If Yellow fails to give room to Blue and Blue luffs to keep clear would Yellow be disqualified for breaking rule 19.2. The answer, following the logic that both rules apply equally, would appear to be Yes. Yellow cannot be exonerated under 64.1(c) as she would not have been compelled to break the rule. Sounds a bit silly to me as Yellow would be subject to protest from boats trying to barge in and would in many case be in an indefensible position!

10. In answer to OHara, the ISAF Q and A does interpret a boat racing as an obstruction only if both (other) boats must keep clear. The shallow water he speaks of can be an obstruction to only one boat.

Wag

11. Hello,
as a sailor just trying to learn the Rules, may I present my considerations about Situation 1.

1. Yes
I assume that 'manoeuvring in a seemanlike way' includes the opportunity for a boat to manoeuvre in such a way that she complies with the Rules. Knowing that 'mark-room' (per def) includes 'room' which includes 'seamanlike way' (per def), we can conclude that if a boat is entitled to mark-room she is entitled to manoeuvre in a way which enables her to comply with the Rules as well. These Rules (in our case 18.2(b)) require Blue to give mark-room to Green. Therefore the mark-room to be given to Blue by Yellow includes the space Blue needs while she gives mark-room to Green.

2.No
If I try to apply the term 'obstruction' in two-boats situations when boat X is the obstruction while boat Y is the keep-clear (or give-room etc) boat, rules 18 and 19 does not seem to me applicable because only one boat is present (Y) while X serves as an obstruction only.
So I would not ask 'is G an obstruction to B?'. I would ask rather 'is G an obstruction to B and Y?' My answer is No, because Y is not required to keep clear or give room or mark-room to G.

But Y is an obstruction to B and G (rule 11 and 12) and rule 19 requires G to give room to B. At the same time rule 18.2(b) requires B to give mark-room to G. They give room to each other. I don't see any conflict here.

3. No
G interacts primarily with B not Y. In the absence of B, if Y voluntarily gives space that G could use, G does not break rule 18.2. If G compel Y to bear away to avoid collision with G, then G would have broken rule 18.2(b).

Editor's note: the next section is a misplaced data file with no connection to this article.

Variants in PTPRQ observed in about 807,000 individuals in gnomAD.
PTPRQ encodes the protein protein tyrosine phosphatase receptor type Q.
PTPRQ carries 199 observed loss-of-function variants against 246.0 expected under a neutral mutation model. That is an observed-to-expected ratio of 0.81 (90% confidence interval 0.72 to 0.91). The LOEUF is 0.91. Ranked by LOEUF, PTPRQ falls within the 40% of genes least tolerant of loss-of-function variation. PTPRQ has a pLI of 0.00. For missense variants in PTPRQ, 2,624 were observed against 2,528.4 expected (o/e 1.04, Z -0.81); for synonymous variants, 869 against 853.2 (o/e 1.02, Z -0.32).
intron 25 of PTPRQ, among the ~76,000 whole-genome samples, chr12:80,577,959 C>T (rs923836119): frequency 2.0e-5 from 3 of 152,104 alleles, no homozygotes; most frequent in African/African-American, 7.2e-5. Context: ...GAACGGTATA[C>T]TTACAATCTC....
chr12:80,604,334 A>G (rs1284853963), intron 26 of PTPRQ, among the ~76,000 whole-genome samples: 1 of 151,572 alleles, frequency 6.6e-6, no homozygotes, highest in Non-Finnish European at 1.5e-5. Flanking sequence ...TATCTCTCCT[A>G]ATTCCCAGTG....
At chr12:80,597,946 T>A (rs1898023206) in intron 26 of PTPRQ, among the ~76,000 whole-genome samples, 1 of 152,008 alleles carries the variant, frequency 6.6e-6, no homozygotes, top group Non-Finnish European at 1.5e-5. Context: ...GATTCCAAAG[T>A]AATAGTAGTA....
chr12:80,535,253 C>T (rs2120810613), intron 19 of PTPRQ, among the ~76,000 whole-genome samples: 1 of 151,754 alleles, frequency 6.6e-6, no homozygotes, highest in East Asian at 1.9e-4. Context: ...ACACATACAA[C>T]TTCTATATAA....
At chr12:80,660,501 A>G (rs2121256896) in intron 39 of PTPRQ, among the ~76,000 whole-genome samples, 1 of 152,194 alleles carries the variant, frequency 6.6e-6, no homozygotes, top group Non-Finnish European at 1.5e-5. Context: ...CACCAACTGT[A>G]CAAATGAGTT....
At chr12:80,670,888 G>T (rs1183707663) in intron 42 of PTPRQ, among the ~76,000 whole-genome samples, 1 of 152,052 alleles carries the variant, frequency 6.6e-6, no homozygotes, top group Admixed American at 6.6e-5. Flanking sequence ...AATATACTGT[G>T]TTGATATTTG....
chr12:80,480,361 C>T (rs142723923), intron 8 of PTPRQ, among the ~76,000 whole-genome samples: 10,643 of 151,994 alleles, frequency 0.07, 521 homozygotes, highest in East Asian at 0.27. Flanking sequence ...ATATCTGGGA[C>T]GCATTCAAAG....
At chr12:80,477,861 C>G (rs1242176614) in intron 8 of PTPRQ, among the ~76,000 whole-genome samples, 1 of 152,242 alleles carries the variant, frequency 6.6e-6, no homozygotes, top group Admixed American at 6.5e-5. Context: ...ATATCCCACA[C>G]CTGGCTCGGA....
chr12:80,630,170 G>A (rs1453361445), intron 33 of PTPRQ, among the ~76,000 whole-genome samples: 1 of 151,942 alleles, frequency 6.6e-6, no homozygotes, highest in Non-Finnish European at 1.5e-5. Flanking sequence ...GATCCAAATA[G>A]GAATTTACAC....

Sorry being too long presenting the thoughts of a layman.
Many thanks for Jos mantaining this beautiful page and for all of you who contribute to it.

Agnes

12. Whilst it would be nice to agree with Anonymous that rule 19 should not apply at marks, this would be OK except that rule 19 does not only apply to boats that are racing. Also what about a boat that maybe capsized in the zone?

13. Jos, do you already know what the right thing is and what not about the scenario's? When I read the comments, I saw that everybody has his own interpretation. So I don't know what now the right thing is.

Menno

14. You can read the official answers of the Q&A panel when you open the actual Q&A. The link is at the end of the post.
And her again:
http://www.sailing.org/tools/documents/QA2009024-%5B7081%5D.pdf
the complete ISAF Q&A 2009-024.

15. In reply to an anonymous Anonymous:
Yellow would indeed be subject to protest from a boat barging in without an overlap at the zone, if she doesn't allow room to avoid the obstruction - in this case a boat entitled to mark room.

The answer is to give room for the obstruction and protest. Then it is the barging boat that is in the indefensible position.

Note that 19.2 does say of the yellow boat:
... unless she has been unable to do so from the time the overlap began.

Andrew

16. Thanks Andrew,
I can see a scenario where Yellow would suddenly get a yell of 'protest' from behind when she was unawre of Blue's approach, and it is too late for her to give room and therefore, by complying with her rights under 18 she is now defenceless of a protest under 19. I do not think this is particularly fair - but then I suppose fairness doesn't always come into things!

17. Somewhat late, I notice that Rapid Response Team Racing Call 2009/001 addresses the same situation, with a different answer:
Q. Yellow, Blue and Green are approaching a mark overlapped, with Yellow required to give markroom to Blue, and Blue required to give mark-room to Green. Does rule 18.2 require Yellow to give enough room to Blue to enable her to give mark-room to Green before Green is at the mark?

A. Yes. ... Room to sail to a mark includes room to give room to, or keep clear of, other boats if required by the rules to do so.
This logic is very similar to what Agnes used above. I hope this way of thinking eventually prevails.

(Sorry for the duplicate post, Jos. I mistakenly posted this to the LTW Q24 thread.)